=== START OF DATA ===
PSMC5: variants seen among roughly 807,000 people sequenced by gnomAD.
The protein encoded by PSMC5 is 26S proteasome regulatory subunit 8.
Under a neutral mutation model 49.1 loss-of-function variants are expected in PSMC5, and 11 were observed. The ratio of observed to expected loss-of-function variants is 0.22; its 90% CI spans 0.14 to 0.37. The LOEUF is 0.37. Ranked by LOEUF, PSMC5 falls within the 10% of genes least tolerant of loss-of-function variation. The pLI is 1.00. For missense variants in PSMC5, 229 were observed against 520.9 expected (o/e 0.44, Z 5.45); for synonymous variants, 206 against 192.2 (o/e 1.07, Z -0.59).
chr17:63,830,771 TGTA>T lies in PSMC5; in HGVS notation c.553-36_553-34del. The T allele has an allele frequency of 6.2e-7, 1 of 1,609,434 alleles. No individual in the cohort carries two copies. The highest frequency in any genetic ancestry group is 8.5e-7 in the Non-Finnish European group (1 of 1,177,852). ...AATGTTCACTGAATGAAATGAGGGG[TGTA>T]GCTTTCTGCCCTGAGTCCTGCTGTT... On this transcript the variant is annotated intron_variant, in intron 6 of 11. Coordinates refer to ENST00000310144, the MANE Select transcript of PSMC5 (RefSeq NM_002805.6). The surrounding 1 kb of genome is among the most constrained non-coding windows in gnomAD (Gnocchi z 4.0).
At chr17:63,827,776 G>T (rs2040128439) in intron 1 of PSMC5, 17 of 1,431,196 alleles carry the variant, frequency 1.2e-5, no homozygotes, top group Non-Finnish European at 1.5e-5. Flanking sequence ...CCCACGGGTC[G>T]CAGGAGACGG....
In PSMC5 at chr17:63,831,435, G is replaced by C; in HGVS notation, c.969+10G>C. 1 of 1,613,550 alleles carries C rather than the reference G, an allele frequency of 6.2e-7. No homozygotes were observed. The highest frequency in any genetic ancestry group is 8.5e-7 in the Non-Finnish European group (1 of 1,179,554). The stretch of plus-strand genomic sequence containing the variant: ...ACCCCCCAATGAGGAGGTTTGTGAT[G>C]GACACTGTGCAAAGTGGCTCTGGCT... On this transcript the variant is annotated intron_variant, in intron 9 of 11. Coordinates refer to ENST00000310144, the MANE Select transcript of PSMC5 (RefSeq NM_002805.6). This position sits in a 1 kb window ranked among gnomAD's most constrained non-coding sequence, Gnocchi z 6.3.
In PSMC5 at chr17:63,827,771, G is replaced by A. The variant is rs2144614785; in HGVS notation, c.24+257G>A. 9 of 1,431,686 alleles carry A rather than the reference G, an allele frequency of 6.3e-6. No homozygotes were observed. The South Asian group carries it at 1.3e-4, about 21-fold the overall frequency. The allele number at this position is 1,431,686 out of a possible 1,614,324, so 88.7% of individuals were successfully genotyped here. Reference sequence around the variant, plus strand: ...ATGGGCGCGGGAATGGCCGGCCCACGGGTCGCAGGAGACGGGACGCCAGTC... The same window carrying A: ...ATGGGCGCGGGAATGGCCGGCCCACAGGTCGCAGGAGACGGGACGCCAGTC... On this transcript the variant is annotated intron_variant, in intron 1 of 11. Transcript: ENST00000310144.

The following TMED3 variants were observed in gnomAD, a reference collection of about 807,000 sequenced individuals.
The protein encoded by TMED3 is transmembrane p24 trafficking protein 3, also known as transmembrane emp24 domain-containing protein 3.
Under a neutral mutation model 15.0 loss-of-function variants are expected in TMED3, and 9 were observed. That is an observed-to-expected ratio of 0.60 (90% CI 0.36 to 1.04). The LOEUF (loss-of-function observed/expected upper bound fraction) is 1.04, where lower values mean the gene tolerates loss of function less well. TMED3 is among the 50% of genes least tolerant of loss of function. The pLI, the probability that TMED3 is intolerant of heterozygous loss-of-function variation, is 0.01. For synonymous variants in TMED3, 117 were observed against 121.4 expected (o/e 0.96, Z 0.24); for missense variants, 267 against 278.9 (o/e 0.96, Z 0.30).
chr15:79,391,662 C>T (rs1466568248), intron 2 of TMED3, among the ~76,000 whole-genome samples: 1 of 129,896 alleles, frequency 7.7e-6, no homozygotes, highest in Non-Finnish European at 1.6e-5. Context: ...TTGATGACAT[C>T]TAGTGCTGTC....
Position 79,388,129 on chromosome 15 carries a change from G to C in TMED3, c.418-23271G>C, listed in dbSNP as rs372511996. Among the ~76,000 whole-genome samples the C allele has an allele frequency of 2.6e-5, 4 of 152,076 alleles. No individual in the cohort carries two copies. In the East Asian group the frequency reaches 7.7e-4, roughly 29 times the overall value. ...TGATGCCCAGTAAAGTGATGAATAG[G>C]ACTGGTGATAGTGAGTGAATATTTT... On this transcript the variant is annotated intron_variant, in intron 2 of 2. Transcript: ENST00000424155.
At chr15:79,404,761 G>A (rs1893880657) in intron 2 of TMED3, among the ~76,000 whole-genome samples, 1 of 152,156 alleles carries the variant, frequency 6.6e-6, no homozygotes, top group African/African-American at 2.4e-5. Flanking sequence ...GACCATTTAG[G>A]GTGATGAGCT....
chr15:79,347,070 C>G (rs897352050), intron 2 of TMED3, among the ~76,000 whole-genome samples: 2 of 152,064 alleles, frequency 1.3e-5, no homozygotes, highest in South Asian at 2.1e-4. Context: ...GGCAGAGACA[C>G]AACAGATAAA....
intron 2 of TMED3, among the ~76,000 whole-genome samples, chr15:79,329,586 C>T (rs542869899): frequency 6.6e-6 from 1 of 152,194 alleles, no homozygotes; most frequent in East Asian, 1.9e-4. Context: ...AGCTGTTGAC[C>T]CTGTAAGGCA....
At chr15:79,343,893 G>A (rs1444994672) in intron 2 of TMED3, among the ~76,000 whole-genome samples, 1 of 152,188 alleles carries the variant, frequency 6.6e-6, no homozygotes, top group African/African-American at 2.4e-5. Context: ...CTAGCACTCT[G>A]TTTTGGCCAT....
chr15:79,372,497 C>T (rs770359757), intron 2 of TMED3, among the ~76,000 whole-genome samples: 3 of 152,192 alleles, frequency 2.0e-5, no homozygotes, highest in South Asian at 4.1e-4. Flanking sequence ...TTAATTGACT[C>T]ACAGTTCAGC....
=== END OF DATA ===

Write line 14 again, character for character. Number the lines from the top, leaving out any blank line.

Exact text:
chr15:79,347,070 C>G (rs897352050), intron 2 of TMED3, among the ~76,000 whole-genome samples: 2 of 152,064 alleles, frequency 1.3e-5, no homozygotes, highest in South Asian at 2.1e-4. Context: ...GGCAGAGACA[C>G]AACAGATAAA....